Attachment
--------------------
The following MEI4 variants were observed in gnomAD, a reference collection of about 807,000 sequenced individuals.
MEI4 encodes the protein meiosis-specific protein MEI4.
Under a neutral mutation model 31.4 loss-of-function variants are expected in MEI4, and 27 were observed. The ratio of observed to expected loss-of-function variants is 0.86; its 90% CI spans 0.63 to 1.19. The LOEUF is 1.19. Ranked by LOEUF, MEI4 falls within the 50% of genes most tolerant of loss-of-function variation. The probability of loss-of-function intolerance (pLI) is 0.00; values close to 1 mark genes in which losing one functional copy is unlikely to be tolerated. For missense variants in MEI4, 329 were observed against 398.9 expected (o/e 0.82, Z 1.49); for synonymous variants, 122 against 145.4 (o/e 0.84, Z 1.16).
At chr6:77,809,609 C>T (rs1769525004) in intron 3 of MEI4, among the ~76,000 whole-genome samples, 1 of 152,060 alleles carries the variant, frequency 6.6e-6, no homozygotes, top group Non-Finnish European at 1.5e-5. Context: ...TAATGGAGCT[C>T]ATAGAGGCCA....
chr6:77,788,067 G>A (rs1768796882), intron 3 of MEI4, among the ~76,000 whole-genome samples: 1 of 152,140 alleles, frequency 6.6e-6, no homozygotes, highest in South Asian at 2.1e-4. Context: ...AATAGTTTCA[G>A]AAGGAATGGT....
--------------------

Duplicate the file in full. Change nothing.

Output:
The following MEI4 variants were observed in gnomAD, a reference collection of about 807,000 sequenced individuals.
MEI4 encodes the protein meiosis-specific protein MEI4.
Under a neutral mutation model 31.4 loss-of-function variants are expected in MEI4, and 27 were observed. The ratio of observed to expected loss-of-function variants is 0.86; its 90% CI spans 0.63 to 1.19. The LOEUF is 1.19. Ranked by LOEUF, MEI4 falls within the 50% of genes most tolerant of loss-of-function variation. The probability of loss-of-function intolerance (pLI) is 0.00; values close to 1 mark genes in which losing one functional copy is unlikely to be tolerated. For missense variants in MEI4, 329 were observed against 398.9 expected (o/e 0.82, Z 1.49); for synonymous variants, 122 against 145.4 (o/e 0.84, Z 1.16).
At chr6:77,809,609 C>T (rs1769525004) in intron 3 of MEI4, among the ~76,000 whole-genome samples, 1 of 152,060 alleles carries the variant, frequency 6.6e-6, no homozygotes, top group Non-Finnish European at 1.5e-5. Context: ...TAATGGAGCT[C>T]ATAGAGGCCA....
chr6:77,788,067 G>A (rs1768796882), intron 3 of MEI4, among the ~76,000 whole-genome samples: 1 of 152,140 alleles, frequency 6.6e-6, no homozygotes, highest in South Asian at 2.1e-4. Context: ...AATAGTTTCA[G>A]AAGGAATGGT....